Picking out a first Tarot deck shouldn’t be a monumental task. And yet, with so many different decks on the market today, lots of beginners are intimidated by the sheer number of options. It’s true that you can never have too many decks. But it’s also true that you have to start somewhere.
I’ve cut through the massive number of Tarot decks to recommend six classic versions that won’t lead you astray. Whether you’re choosing a first deck for yourself or as a gift, one of these decks is sure to be a good fit.
I used three criteria when choosing these top beginner’s decks: First and foremost, I looked for decks that are easy to use for beginners. Tarot is already esoteric—there’s no reason to make it even more cryptic when you’re first learning. Decks that meet this requirement are fully illustrated, with clearly titled cards and a traditional 78-card structure. (More often than not, they’re also based on Rider-Waite, the world’s most enduring deck.) Historic and experimental decks didn’t make the beginner’s list.
Secondly, I looked for decks that have a good range of energy and emotion. Tarot tackles human experiences from the highest highs to the lowest lows. There are fiery cards and watery cards and grand cards and petty cards. Beginners’ decks should reflect this diversity. I’ve avoided including those artistic decks that—while they may useful to more experienced readers—have a same-y quality to their artwork.
Finally, I only chose decks for this list that are currently in print and/or readily available. This is not just so I can sell you a Tarot deck. (Although I’d be happy to!) It’s because choosing a first deck is hard enough without trying to chase down rare or collectible editions.
So here they are—my six picks for a beginner’s Tarot deck. If you found me at my booth and asked me to help you pick a first Tarot deck, chances are you’d walk away with one of these:
It may be a boring list-leader, but I always recommend the classic Rider-Waite Tarot to beginners. Why? Because over a century after its debut, it still gives readings that are precise, clear and deep. These stark line drawings have a psychic resonance that is simply unmatched by many newer decks.
Another plus? Rider-Waite has formed the basis for the vast majority of illustrated Tarot decks. If you learn Rider-Waite well, switching to another deck later will be a breeze.
My favorite is the Centennial Edition, which is a re-colored version of the classic 1910 deck. It has gentle colors and a fabulous vintage feel.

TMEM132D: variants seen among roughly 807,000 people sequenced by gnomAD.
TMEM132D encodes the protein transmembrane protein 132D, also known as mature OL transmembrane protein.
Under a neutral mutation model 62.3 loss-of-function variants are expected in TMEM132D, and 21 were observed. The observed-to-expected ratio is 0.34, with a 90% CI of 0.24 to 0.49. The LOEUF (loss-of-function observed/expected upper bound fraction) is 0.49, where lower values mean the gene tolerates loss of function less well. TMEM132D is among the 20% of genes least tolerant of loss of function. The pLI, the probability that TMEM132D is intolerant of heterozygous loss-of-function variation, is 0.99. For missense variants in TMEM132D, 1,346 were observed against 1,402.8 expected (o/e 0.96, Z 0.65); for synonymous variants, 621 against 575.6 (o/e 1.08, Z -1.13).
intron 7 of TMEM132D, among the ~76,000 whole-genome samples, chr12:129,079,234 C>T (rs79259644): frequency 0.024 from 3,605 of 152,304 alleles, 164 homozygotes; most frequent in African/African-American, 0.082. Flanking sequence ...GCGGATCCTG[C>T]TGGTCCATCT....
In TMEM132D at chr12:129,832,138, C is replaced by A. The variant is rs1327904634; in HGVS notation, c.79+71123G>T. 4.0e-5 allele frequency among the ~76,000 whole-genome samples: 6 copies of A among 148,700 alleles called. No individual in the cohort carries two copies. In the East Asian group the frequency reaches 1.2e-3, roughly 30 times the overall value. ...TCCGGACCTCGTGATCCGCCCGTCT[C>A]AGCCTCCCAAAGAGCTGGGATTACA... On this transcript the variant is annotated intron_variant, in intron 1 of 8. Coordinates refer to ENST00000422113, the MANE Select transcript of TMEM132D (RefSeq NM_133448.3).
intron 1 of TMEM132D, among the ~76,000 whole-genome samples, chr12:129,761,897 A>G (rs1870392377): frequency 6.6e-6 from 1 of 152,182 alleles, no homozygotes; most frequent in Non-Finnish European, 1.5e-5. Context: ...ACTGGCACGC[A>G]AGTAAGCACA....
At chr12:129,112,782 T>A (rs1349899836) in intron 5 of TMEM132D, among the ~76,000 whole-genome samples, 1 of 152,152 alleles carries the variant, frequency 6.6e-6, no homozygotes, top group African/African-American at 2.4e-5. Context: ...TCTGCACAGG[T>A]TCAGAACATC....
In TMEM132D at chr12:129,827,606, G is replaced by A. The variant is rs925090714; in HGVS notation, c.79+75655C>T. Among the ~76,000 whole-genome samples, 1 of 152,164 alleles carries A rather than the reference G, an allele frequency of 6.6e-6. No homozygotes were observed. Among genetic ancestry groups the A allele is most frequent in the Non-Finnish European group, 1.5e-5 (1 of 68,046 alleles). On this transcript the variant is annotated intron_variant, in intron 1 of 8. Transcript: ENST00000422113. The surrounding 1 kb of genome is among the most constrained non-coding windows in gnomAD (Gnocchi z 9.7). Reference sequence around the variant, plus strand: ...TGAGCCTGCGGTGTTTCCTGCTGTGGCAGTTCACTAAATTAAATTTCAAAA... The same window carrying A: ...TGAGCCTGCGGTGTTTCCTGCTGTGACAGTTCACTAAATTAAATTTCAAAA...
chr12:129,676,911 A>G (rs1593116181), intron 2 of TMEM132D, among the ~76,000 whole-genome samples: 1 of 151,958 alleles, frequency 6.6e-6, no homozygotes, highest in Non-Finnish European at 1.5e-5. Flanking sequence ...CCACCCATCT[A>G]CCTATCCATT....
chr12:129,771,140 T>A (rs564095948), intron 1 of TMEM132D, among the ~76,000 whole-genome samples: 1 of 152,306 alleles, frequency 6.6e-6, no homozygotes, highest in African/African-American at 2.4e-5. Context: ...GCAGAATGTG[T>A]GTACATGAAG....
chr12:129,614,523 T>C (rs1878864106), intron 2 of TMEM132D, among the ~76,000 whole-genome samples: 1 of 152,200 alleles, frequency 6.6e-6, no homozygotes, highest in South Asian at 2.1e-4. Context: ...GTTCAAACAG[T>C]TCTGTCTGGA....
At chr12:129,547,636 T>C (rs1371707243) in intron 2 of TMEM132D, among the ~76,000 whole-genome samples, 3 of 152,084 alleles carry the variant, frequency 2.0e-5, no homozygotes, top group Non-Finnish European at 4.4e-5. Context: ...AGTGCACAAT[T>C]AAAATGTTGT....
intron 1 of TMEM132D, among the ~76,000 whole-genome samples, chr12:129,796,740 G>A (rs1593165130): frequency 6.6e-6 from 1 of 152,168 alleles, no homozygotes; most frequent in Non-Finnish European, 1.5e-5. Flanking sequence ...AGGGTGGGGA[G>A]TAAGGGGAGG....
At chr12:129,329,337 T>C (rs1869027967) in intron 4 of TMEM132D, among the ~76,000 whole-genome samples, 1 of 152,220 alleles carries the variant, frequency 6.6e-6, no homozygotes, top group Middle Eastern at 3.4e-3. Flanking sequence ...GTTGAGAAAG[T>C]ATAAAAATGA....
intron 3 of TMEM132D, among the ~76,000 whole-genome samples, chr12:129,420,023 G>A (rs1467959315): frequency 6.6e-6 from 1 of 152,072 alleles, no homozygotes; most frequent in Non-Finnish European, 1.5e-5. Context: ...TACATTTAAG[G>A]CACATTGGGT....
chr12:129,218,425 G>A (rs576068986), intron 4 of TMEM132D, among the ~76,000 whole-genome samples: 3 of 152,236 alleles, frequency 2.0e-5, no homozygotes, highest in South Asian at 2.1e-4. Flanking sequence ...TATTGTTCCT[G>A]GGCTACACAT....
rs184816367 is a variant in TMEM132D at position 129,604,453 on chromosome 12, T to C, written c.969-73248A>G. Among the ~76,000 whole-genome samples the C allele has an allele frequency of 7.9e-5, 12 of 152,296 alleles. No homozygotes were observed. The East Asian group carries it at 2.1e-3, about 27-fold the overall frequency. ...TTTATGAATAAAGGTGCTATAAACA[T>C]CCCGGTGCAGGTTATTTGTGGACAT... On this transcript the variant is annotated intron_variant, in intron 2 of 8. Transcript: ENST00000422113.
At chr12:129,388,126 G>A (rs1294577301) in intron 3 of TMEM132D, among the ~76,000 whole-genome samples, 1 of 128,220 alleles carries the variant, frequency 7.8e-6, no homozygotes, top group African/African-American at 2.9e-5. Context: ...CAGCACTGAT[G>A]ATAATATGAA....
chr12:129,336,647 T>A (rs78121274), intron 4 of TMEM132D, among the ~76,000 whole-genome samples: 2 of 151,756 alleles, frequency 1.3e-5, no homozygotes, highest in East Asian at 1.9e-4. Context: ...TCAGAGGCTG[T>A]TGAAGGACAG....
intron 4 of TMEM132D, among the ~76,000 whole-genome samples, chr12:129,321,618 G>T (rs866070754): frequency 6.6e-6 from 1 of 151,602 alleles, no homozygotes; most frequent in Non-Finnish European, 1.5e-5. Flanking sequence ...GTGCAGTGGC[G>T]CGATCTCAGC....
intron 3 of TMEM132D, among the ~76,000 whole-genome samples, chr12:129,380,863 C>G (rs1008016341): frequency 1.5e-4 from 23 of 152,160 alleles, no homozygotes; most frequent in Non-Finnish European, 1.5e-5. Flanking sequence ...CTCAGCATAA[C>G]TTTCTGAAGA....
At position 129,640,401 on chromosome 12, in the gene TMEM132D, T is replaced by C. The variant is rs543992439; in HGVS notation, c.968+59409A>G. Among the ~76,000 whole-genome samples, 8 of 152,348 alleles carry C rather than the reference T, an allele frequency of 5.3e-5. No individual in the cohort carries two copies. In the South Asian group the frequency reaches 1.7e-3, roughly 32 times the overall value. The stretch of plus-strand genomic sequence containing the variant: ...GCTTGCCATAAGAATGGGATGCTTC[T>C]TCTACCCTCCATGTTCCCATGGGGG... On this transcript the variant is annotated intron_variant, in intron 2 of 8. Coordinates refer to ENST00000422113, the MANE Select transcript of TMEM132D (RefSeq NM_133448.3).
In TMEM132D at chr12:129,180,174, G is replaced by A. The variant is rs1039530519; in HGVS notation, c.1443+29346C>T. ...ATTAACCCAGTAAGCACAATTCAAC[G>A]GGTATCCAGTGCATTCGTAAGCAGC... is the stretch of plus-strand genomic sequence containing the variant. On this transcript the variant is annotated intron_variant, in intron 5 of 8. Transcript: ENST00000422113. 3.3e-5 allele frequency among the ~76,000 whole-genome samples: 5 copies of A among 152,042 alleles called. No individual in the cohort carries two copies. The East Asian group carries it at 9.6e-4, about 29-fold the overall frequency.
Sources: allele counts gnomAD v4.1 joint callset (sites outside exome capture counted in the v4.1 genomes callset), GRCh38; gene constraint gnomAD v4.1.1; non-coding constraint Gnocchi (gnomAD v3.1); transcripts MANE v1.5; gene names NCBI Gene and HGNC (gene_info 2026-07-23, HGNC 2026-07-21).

Ciro Marchetti’s Gilded Tarot has medieval-inspired characters rendered in a colorful digital style. The whole deck is luminous and lucid. I often recommend it to beginners who prefer a more modern-looking Tarot.
One useful innovation of the Gilded Tarot is its color-coded suit cards. (Blue for Water/Cups, red for Fire/Wands, and so on.) This is a great way for beginners to latch on to the elemental correspondences of the Minor Arcana. It’s also useful in readings, to see at a glance which suit(s) are dominant in a spread.
Created in the 1970s, the Morgan-Greer Tarot has colorful, almost cartoony illustrations. But don’t let them fool you—this is a serious deck that works well in the hands of beginners and experts alike. It follows Rider-Waite closely, with only a few departures in the symbolism of the cards.
The close-up, richly colored illustrations lend themselves well to an intuitive reading style. The artwork goes all the way to the edge. This seems to give the cards more interaction than other decks, when read together.
The absence of full nudity and disturbing imagery makes the Morgan-Greer a good second choice when a Rider-Waite deck may not be appropriate. For this reason, it’s popular with both beginners and professional readers.
The Rider-Waite cast of characters dressed in cloth of gold. Kat’s Black’s Golden Tarot is a digital collage of medieval and Renaissance artwork, recreating all the classic scenes and poses of Tarot. The cards are populated by shining kings and queens, peasants and saints—all richly colored and accented with golden foil. Its deviations are few and judicious. The disembodied hands in the Aces, for example, are replaced in each suit by angels holding the Ace.
The Golden Tarot so heart-meltingly beautiful that it will make beginners want to put in extra hours of practice. While its Christian imagery may be off-putting to some, it is a solid choice for most beginners.
Both gentle and profound, the Sun and Moon Tarot recreates the cards with evocative pastel drawings. Keywords for the Minor Arcana help clue in beginners without being obtrusive. Astrological, elemental and Hebrew letter correspondences appear on the cards, should you wish to dig a little deeper.
The whole deck has a beachy, playful feel, decorated with rocky landscapes and serene ocean views. The vibe is loving and inclusive. This is a deck for the yoga crowd that doesn’t strip Tarot of its depth or gravity.
The Aquarian Tarot is so stylish and timeless—medieval manuscripts and Art Deco and 1960s poster design all put in a blender and whirred into a delicious pulp. If that sounds yummy to you, then this may be your deck.
The Aquarian deck is not for everyone. Some find its watercolor palette too bland, its stylized, ethereal human figures too distant. Some find that it reminds them irredeemably of the patchouli stank of their 70's dorm room.
Still, the Aquarian’s loyal fans have kept continuously in print for almost 50 years. Many people have told me that it was their first deck, and still their favorite. The Aquarian Tarot is an exceptional reading deck that is aligned with—but never dependent on—the Rider Waite system of Tarot.